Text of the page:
Bridging Science and Religion: Why It Must Be Done

By the end of the 19th century, some theologians had found ways to accommodate their ideas to biology, physics, and cosmology, while for others, outright conflict was declared, as scientific methods of studying history, text, and nature were seen as invading the sacred domains of God's action in Scripture and the world. Still for the majority of people in the pulpit or in the pew, science and religion seemed to be irrelevant. We might experience life as wondrous, passionate, full of colors and hopes, but this subjectivity had no counterpart in the realm of objective, scientific knowledge, and sterile, inanimate matter. Instead nature became a barren landscape lacking any ultimate part in the eternal destiny awaiting the faithful. As for this world, we humans were left as "strangers in a strange land," concerned with social, political, economic, and spiritual transformation, but with our religion -- the passion of our total being for our ground and goal -- cut off from our ancient evolutionary roots in earth and cosmos. In the process the environment -- that transitory stage for the only real drama, human history -- was left to our use. Combined with the burgeoning power brought by scientific knowledge, the Biblical role of dominion fell quickly into domination. Since ethics was a matter reserved for one's human neighbor, the environment was a ready target for exploitation. The future might point to heaven, but it was a heaven into which people would be taken, not a heaven that would descend to envelope the cosmos and redeem all that exists. It is thus not hard to see in the combination of Western materialism and technological power one of the principal roots of the ecological crisis that now threatens to engulf the world.

Religion today, especially in secular American culture, is even further marginalized. With the shock of two world wars, the Holocaust, and countless other atrocities, in a climate of religious pluralism which seems to relativize any claims to truth, with a population explosion driving human and environmental misery, can we turn once again to those once mighty streams of wisdom and learning flowing out of the Biblical and historical religious communities for credible inspiration and valid convictions? To so many today, these traditions of Biblical faith, so essential to worship and prayer, seem practically meaningless in the everyday affairs of a `world come of age.'

For ours is an age of the Apollo and the micro-computer, Einstein and Crick, the Space Shuttle and the artificial heart, DNA and relativity. Can the religions of the West still make sense in such an age? When we look to the heavens we picture the universe of Star Trek, a space filled with billions of galaxies, each with billions of stars and life forms in countless numbers. What ‘cosmic' significance can there be, then, to homo sapiens and the religions we have spawned? If most scientists see life as a complex but inevitable biological product of a fertile planet like ours, a product without a goal foreseen by a Creator, how can theologians claim that life is a divine gift of the Spirit? If scientists seem to discover a natural cause for every effect in the world, if everything from a thunderstorm to cancer, from a supernova to childbirth happens because of a natural cause, how can we ever again imagine God as a free agent influencing the course of human and natural history? At worship we might speak about God acting in the world as Creator and Redeemer, but is it more than mere equivocation?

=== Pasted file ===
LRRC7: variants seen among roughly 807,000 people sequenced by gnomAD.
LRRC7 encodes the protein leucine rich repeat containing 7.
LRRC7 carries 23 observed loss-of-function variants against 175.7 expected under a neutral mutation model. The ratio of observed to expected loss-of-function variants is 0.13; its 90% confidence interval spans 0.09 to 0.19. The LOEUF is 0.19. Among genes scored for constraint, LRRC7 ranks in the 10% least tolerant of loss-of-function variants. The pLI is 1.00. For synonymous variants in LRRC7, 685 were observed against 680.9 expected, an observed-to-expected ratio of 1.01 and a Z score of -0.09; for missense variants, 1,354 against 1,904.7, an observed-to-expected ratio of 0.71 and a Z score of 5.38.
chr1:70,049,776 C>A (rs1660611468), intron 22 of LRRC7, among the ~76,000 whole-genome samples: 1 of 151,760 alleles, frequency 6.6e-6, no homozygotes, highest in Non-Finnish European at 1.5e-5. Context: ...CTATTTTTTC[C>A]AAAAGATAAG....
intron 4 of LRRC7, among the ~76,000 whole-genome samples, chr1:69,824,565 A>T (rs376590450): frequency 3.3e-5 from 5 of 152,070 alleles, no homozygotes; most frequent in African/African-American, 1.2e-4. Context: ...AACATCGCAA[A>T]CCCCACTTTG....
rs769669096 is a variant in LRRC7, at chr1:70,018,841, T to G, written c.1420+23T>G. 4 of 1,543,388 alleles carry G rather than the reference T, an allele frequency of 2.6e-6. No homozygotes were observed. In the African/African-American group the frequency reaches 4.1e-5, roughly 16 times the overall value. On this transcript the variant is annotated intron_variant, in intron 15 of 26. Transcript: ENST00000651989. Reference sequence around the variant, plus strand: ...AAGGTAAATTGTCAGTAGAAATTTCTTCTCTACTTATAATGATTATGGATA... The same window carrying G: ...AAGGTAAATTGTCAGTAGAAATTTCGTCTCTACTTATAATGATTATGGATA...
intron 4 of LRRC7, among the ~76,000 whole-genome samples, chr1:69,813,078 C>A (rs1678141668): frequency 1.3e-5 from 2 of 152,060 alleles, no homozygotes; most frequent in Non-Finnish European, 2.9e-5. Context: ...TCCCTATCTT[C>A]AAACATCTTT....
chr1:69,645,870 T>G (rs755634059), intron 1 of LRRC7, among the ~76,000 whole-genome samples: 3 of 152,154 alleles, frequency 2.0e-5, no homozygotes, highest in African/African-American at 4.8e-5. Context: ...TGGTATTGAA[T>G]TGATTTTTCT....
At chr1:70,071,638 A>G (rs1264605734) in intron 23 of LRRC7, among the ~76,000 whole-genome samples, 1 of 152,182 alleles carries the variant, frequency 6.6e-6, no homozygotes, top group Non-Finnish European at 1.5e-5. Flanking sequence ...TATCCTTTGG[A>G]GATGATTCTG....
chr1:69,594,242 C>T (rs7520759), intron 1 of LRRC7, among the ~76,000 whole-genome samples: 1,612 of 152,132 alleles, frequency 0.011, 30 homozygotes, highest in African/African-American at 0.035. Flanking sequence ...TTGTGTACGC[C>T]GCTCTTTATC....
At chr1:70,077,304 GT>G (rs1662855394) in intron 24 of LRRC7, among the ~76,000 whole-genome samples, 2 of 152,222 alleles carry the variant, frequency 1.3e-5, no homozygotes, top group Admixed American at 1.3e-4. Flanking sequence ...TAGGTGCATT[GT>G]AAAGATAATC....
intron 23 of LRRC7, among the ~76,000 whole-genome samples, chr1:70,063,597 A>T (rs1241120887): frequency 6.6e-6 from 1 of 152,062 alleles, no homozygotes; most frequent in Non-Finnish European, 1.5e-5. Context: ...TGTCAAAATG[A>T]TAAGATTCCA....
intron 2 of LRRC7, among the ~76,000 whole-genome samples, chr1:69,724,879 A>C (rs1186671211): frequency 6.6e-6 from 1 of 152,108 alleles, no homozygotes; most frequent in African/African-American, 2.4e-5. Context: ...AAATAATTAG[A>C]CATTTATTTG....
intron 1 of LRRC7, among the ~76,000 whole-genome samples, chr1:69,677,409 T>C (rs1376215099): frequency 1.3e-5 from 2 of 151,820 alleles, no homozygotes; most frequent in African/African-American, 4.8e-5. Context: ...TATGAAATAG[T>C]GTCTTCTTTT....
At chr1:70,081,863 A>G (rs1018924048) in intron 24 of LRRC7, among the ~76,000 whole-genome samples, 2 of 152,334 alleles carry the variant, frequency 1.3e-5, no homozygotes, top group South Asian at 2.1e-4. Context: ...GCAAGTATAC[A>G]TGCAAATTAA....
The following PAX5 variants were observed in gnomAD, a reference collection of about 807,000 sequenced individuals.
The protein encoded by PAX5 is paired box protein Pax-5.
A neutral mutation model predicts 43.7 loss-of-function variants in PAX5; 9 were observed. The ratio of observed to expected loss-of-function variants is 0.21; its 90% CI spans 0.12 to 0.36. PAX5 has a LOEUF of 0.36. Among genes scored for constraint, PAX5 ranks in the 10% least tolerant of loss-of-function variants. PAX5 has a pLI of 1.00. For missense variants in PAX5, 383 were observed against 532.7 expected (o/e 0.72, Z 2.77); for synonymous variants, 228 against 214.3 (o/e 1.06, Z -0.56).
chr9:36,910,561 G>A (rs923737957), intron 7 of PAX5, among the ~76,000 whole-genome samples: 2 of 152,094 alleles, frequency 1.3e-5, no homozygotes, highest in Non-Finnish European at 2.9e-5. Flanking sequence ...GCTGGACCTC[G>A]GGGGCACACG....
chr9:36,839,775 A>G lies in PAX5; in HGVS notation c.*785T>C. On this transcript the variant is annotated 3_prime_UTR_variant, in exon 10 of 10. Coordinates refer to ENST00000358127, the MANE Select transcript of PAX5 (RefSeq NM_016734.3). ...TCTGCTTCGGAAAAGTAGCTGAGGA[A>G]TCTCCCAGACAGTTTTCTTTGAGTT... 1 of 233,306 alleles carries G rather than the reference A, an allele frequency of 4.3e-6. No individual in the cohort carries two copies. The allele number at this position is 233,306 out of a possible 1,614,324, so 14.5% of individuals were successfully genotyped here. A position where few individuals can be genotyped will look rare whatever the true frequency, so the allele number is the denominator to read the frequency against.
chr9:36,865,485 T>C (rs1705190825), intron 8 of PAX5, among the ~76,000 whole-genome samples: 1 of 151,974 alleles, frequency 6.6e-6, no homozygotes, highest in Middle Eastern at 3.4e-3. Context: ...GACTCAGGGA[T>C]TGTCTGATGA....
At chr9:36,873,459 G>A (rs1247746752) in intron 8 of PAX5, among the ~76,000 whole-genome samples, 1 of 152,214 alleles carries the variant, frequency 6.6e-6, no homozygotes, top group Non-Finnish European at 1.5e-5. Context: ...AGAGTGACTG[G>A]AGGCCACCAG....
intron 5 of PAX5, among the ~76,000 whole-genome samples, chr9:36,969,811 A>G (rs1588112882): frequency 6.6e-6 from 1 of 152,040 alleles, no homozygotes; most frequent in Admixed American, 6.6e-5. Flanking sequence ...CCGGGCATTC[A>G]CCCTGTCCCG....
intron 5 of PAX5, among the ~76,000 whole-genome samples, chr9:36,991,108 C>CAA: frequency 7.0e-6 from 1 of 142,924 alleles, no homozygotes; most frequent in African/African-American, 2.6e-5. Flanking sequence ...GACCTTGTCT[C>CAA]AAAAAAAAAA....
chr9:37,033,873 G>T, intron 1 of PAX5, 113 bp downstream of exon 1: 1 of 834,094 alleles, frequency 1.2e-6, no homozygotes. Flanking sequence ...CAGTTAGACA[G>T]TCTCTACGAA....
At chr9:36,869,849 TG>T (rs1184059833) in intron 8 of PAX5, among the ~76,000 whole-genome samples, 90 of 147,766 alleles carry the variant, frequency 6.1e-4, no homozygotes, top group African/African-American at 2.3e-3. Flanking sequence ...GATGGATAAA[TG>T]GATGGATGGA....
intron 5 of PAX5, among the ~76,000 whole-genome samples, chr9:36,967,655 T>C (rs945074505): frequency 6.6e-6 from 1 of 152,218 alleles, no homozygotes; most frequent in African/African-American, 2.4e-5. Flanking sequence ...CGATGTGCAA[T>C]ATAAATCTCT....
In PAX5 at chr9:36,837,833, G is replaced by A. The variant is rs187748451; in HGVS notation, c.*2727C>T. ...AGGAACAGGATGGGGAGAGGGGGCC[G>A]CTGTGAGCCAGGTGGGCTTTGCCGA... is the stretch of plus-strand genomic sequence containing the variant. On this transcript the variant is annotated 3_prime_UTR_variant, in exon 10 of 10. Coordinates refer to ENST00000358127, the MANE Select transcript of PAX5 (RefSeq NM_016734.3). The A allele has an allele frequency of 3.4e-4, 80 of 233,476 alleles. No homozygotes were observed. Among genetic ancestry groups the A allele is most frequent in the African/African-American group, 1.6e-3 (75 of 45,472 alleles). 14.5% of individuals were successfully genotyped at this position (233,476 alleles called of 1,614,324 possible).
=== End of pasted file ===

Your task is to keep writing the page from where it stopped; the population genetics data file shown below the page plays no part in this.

Ground-breaking changes in science

Yet in the midst of what could be the sunset of Western religion after three thousand years of light, astonishing discoveries in the natural sciences and equally impressive changes in Western philosophy are re-opening the grounds for dialogue with theology. Relativity theory, quantum mechanics, Big Bang cosmology, chaos and complexity, human genetic engineering, transfinite mathematics and artificial intelligence are challenging, even tearing down, the rigid and simplistic Enlightenment assumption that the world is a closed network of cause and effect, an autonomous machine made entirely of tiny bits of matter in motion. In its place, the visions of nature suggested by the discoveries of Einstein, Heisenberg, Hubble, Hawking, Godel, Watson, and Crick, though widely differing among each other, point in concert to a nature more open, subtle, numinous, inter-connected than we have known for centuries. In the emerging worldviews of the "new science" our existence as evolutionary creatures gifted with life, self-consciousness and moral agency no longer separates us from the universe around us.

From Big Bang cosmology we are discovering that the universe is ripe for life, mind, and spirit, and that, like all things, it too may have had a beginning and may someday end. From quantum physics we are learning that nature is open, inter-connected and flexible, and that the future is something we can affect by our choices and actions. Studies of chaos and complexity in chemical and biological systems demonstrate the astonishing ability of nature for self-organization and the temporal and historical character of all natural processes. With the discovery of the genetic code, molecular biology has uncovered the link sought by Darwin between all life on earth, the key to biological evolution. This key now bears the potential for profoundly altering our ability to cure human disease, but it brings the ominous specter of "playing God" by affecting the secrets of human nature. And our growing understanding of the fragile nature of global ecology, while underscoring our unity with nature, challenges us to accept our responsibility toward the future of all life on earth.

5/25/2010 4:00:00 AM
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